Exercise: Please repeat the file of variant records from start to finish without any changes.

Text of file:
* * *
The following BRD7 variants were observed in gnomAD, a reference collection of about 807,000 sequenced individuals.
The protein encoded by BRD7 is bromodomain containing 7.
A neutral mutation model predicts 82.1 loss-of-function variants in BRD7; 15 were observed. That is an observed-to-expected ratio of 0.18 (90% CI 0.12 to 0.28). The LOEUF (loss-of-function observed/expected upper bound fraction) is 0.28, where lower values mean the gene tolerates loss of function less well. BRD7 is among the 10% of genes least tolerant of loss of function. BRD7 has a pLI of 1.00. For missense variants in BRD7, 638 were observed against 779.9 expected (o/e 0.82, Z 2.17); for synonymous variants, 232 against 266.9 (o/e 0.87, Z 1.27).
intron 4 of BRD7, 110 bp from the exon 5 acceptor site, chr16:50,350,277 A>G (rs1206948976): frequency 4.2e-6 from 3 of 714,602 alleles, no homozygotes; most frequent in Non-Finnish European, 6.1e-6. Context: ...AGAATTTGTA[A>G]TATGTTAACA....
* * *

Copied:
The following BRD7 variants were observed in gnomAD, a reference collection of about 807,000 sequenced individuals.
The protein encoded by BRD7 is bromodomain containing 7.
A neutral mutation model predicts 82.1 loss-of-function variants in BRD7; 15 were observed. That is an observed-to-expected ratio of 0.18 (90% CI 0.12 to 0.28). The LOEUF (loss-of-function observed/expected upper bound fraction) is 0.28, where lower values mean the gene tolerates loss of function less well. BRD7 is among the 10% of genes least tolerant of loss of function. BRD7 has a pLI of 1.00. For missense variants in BRD7, 638 were observed against 779.9 expected (o/e 0.82, Z 2.17); for synonymous variants, 232 against 266.9 (o/e 0.87, Z 1.27).
intron 4 of BRD7, 110 bp from the exon 5 acceptor site, chr16:50,350,277 A>G (rs1206948976): frequency 4.2e-6 from 3 of 714,602 alleles, no homozygotes; most frequent in Non-Finnish European, 6.1e-6. Context: ...AGAATTTGTA[A>G]TATGTTAACA....